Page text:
With a sense of change hanging heavily in the air, Getintothis’ Paul Higham reports on William Basinski’s dense analogue ambience that evokes not only decay – but also renewal.
As the last days of summer usher in the season of mist and mellow fruitfulness, Art Assembly presented one of the standout events on the seasonal calendar. The Kazimier played fitting host to acclaimed avant-garde New York composer William Basinski who presented his most recent work, The Deluge.
It was difficult to avoid the sense of decay that hung heavy in the air. With the music aiming to mirror the cyclical changes of life and nature’s capacity for self-renewal, it was therefore fitting that special mention should be made of the venue in the night’s introduction. From the depths of despair that greeted news of The Kazimier’s demise it was all the more encouraging to hear hope of a rebirth from its fertile soil.
Opening the night was Howlround, the project of Robin The Fog. Setting the stall for the later performance by Basinski, Howlround‘s performance was built around the nuanced, atmospheric ambience created by the gentle hiss of tapes.
The set-up was remarkable. Reel to reel tape looped from the stage around the balustrades of the balcony and back down to the stage. The effect was more than visual: the tapes passing in front of the speakers created a gently delicate feedback that added a sense eeriness to the occasion.
With Saisonscape itself suggests a natural tone, what stood out within Howlround‘s work was its urbanity. Evoking the desolation of an urban soundscape as if constructed from found sounds as echoes of whistling freight trains intermingled with the bleakness of a post-industrial landscape. It was haunting and hypnotic.
Kepla offered a contrast to Howlround with a dark and enigmatic electronic set that was based more around a broader and more arresting sound palette. Cutting an undistinguished figure in a T-shirt and baseball cap and hunched over his kit, Kepla seemed content to allow his music to speak for itself.
Where Howlround offered a persistent analogue ambience, Kepla created something more jagged and harsher as exotic beats melded into each other in impressively abrupt fashion. Offering something more brooding and introspective than typical electronica producers, this was music with a dark soul. Edgy and anxious, it offered a fitting reflection of these uncertain times.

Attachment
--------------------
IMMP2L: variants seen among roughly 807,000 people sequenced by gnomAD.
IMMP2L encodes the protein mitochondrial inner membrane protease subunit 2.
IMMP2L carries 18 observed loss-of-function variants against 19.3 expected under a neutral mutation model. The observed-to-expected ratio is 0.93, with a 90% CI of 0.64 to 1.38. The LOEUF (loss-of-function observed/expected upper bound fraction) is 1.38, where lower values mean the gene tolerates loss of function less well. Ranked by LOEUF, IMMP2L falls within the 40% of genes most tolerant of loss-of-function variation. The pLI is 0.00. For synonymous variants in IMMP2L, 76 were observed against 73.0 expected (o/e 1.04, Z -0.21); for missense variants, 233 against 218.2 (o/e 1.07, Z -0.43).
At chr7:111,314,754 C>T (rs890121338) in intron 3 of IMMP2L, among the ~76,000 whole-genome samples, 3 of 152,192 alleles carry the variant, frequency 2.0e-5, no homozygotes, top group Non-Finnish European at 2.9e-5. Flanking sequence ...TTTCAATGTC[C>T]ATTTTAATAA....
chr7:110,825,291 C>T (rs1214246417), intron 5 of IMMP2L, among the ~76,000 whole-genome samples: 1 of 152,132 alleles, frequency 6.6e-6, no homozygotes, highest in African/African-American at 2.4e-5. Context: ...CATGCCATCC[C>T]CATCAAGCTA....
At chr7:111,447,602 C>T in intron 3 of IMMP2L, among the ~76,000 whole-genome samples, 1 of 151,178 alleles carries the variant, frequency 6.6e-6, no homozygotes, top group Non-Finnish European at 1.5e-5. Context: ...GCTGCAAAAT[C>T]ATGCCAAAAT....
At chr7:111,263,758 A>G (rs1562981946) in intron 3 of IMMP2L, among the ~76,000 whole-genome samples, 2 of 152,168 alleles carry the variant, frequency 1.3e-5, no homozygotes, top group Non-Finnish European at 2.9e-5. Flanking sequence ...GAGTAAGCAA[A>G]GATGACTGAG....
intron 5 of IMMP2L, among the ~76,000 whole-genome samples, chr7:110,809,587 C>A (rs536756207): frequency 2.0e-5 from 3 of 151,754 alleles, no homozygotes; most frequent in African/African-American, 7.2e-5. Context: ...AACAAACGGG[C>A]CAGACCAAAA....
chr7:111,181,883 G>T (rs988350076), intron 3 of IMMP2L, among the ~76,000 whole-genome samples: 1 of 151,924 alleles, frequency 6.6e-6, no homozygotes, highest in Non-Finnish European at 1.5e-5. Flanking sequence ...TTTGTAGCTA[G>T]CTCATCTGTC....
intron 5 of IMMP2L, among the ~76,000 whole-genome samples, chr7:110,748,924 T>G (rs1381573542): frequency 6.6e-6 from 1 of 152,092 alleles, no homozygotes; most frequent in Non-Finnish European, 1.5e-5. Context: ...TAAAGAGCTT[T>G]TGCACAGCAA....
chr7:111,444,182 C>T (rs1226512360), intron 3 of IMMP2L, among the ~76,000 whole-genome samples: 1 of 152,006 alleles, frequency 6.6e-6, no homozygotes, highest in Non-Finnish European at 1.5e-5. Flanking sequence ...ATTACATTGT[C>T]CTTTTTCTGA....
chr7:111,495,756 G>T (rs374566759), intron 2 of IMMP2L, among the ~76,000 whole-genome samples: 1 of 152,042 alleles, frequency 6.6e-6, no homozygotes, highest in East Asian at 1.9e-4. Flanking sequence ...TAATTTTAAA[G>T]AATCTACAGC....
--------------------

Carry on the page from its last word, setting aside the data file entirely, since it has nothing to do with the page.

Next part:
On to the main event, although this was something that very nearly didn’t happen. Technical glitches with William Basinski‘s mixing desk cast doubt over whether he would be able to perform. It offered the chance for the artist to reveal his showmanship that contrasts with the deliberate subtlety of his near-classical compositions.
Flamboyantly performing an a cappella number with such gusto that the cynic might suggest that his desk was working perfectly and that Basinski merely sought the opportunity to revel in the contrast between his extroverted confident nature and the considered introspection of the astonishing music that he creates. Either way, it got the audience immediately on his side, even drawing a request for an additional performance.
As a performance piece Basinski played a set consisting entirely of The Deluge his recent work and counterpoint to Cascade. It is easy to be sceptical of albums played in their entirety but with Basinski it feels right as his compositions have a neo-classical quality. As a result the set was short but immeasurably perfect.
The Deluge is built around a single piano tape loop, played on reel-to-reel, that ebbs and flows as it is processed through a series of feedback and delays. The music builds into a crescendo as notes overlap and swirl in and around each other.
As a performance piece, it really benefits being played live rather than home-listening. The room provides the space for the music to breathe and to reveal its depth and complexity. The shared, communal experience adds an extra dimension. This was a gig to sit back – The Kazimier was thoughtfully laid out with seating and tables – and let the music possess you and transport you.
The music was backed with sympathetic visuals that created the effect of moonlight shimmering as it ripples along the surface of open water. Or did it? The computer generated imagery evolved into something blockier and obviously digital before returning to its more subtle form. Much like the music itself, it invited you to challenge your perceptions.
As with much of Basinski‘s work the Saisonscape theme reflects itself more in the method of production rather than the sound itself, yet the gentle hiss of the tape reminds of the fragility of existence and the transience of nature. Yet playing a simple loop continually provides reassurance that nature has a tremendous capacity to self renew and to evolve and change itself in subtle and imperceptible ways.
As the Kazimier‘s imminent closure creates a shadow that hangs over Liverpool’s live music scene one can hope that the city shares with nature its own capacity for self-renewal.
Photos by Getintothis’ Peter Goodbody.